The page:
Why is that? Here's my best explanation.
Most of the research being done out there is being done by Christian psychologists who are training, or who are themselves, mental health professionals--clinical or counseling psychologists. For example, if you want to get a graduate degree in a program that integrates psychology and Christianity you're going to go to a program that offers a M.S., PhD or PsyD in counseling or clinical psychology. And given that focus, the research from those graduate programs, where a great deal of the published literature comes from, is going to focus mainly on issues related to mental health and counseling.
This has a homogenizing effect on the research literature. The research topics tend to cluster around issues related to psychological or spiritual well-being. To be sure, the recent interest in positive psychology has freshened up this focus, new variables (the virtues) are being introduced, but the focus remains on well-being and how best to foster it.
The point being, if your focus in on well-being research investigating, say, profanity or art or if Jesus ever had a stomach bug, can seem pretty weird, off-topic and irrelevant. These topics aren't the subject matter of clinical and counseling psychology, where most of the integrative work in the field is being done.
So where do these topics come from? They come from personality and social psychology. These are the branches of psychology that get into, as I describe it to my students, "the stuff of everyday life." Most of my research, and most of what I write about here, is from social and personality psychology. Introversion in the church? Personality psychology. Profanity use? Social psychology. Disgust psychology and the practices of social exclusion? Social psychology. Why Christian bookstore art is so bad? Social psychology. And so on.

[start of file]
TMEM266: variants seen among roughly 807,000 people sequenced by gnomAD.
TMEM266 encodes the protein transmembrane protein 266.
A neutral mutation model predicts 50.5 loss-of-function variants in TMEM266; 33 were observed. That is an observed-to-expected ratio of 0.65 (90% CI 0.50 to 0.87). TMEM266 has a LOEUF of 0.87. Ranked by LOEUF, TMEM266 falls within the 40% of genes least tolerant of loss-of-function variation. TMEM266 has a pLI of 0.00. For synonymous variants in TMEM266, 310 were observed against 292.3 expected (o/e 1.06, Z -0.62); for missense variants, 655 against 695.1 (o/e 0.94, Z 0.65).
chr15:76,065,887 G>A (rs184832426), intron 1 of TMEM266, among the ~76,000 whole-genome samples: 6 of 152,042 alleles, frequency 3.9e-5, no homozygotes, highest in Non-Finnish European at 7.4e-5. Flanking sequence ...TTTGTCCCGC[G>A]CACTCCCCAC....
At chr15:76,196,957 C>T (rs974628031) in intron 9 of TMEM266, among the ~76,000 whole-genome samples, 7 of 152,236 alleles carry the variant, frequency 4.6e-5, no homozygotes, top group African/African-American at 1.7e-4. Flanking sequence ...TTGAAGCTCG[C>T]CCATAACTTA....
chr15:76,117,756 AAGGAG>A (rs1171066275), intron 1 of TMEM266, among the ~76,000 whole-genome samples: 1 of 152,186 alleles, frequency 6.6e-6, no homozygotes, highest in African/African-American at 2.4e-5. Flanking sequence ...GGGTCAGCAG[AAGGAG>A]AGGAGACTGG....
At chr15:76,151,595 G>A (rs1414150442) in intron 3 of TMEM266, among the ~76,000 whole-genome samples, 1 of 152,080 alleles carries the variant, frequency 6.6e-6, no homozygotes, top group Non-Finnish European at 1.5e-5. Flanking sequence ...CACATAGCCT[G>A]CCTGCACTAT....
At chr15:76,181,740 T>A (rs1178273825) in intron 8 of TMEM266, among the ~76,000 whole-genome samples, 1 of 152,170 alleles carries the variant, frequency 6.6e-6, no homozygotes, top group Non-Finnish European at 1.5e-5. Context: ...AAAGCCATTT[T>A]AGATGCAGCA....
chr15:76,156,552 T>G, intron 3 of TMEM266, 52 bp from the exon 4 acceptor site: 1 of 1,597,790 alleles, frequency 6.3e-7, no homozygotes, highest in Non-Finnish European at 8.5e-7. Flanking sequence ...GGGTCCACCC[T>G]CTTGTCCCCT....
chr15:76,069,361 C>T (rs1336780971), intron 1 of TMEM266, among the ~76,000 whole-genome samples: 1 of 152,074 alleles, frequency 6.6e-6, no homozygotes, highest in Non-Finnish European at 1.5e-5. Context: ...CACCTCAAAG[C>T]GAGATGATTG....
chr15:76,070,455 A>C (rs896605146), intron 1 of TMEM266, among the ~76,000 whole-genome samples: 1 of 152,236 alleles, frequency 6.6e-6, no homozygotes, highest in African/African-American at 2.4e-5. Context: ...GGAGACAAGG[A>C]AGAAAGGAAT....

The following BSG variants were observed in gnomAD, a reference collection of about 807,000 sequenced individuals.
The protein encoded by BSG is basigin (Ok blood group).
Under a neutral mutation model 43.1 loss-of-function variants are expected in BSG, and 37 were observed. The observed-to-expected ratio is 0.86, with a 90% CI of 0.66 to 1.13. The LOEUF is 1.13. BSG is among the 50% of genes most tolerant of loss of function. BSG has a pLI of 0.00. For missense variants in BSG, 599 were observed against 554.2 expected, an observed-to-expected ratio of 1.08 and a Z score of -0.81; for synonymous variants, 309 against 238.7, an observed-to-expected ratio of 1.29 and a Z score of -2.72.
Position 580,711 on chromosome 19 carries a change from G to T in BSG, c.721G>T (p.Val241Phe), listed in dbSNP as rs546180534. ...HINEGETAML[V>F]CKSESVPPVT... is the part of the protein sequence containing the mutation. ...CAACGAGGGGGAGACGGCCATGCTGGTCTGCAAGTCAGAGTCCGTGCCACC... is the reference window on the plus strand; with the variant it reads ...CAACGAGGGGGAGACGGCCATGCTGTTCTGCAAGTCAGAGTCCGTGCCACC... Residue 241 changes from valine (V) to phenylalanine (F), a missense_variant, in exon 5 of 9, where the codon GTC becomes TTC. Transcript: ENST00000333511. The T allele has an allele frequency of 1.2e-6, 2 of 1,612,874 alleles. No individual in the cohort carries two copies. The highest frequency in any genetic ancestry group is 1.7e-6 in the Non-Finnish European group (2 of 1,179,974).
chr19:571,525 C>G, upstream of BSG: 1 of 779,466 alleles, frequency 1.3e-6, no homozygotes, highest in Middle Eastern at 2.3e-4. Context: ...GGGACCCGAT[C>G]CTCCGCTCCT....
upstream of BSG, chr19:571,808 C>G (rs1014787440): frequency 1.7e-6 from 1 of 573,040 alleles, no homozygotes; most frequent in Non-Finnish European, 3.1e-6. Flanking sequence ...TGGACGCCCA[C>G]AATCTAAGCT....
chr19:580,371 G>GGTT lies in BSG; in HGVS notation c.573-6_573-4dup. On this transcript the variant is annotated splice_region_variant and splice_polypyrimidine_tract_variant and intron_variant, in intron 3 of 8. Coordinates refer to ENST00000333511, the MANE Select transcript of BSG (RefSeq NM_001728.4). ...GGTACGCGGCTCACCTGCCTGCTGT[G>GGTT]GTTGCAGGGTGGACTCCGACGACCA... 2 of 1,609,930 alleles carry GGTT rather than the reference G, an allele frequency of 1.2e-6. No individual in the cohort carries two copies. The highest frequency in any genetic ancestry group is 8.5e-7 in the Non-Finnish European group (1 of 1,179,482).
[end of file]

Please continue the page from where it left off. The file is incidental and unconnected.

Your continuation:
In short, the reason my research seems "fresh" or "creative" isn't because I'm particularly smart. It's because of something pretty mundane: I'm pulling my research questions from social and personality psychology rather than from clinical and counseling psychology.
And here's what I've found in all this. Social and personality psychology is filled with topics rich in theological implications. For example, how can you talk about the principalities and powers and not talk about the Milgram obedience study? How can you talk about Jesus' ethical vision without talking about group psychology, aggression, and altruism?
All that to say, the literature in Christian psychology, insofar as it is focused on well-being and therapy, has been pretty picked over, creating the "same old, same old" feeling a lot of us have when we read the empirical literature.
But the integrative literature in personality and social psychology is pretty thin, which should make a young researcher's eyes open wide. Because that's what you want as a researcher: a horizon of uninvestigated research questions, all sitting there ripe for the picking.